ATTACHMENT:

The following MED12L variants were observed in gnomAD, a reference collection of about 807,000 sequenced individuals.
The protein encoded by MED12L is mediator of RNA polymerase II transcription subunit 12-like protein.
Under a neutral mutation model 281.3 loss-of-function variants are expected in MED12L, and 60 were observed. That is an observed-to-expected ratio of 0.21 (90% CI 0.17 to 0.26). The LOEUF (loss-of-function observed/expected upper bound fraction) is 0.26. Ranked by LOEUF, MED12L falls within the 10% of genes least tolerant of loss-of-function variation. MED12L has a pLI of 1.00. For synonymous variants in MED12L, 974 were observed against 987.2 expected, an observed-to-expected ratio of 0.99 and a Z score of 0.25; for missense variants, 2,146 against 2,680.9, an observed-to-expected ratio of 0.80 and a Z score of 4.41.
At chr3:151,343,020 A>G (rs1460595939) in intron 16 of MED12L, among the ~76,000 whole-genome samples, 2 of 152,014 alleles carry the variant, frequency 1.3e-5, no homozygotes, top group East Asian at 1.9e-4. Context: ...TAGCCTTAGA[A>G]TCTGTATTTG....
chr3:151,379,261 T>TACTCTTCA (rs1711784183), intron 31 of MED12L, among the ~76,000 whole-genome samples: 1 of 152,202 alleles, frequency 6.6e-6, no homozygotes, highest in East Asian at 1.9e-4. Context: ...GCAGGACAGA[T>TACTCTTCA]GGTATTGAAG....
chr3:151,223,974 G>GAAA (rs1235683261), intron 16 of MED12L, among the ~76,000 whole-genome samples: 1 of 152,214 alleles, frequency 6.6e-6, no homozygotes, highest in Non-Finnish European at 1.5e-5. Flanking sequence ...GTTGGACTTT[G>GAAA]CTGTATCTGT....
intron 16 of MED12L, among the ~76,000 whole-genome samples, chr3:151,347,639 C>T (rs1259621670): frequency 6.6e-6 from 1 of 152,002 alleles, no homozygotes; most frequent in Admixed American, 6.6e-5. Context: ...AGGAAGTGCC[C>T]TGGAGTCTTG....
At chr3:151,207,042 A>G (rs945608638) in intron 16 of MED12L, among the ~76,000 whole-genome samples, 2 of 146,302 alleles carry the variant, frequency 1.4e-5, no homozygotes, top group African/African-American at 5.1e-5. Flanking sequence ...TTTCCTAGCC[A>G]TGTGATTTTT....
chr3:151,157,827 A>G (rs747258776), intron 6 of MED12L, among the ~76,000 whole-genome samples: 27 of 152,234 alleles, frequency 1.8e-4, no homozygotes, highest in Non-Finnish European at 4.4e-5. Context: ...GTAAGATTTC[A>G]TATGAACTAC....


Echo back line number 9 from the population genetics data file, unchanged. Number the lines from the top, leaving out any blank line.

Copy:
chr3:151,157,827 A>G (rs747258776), intron 6 of MED12L, among the ~76,000 whole-genome samples: 27 of 152,234 alleles, frequency 1.8e-4, no homozygotes, highest in Non-Finnish European at 4.4e-5. Context: ...GTAAGATTTC[A>G]TATGAACTAC....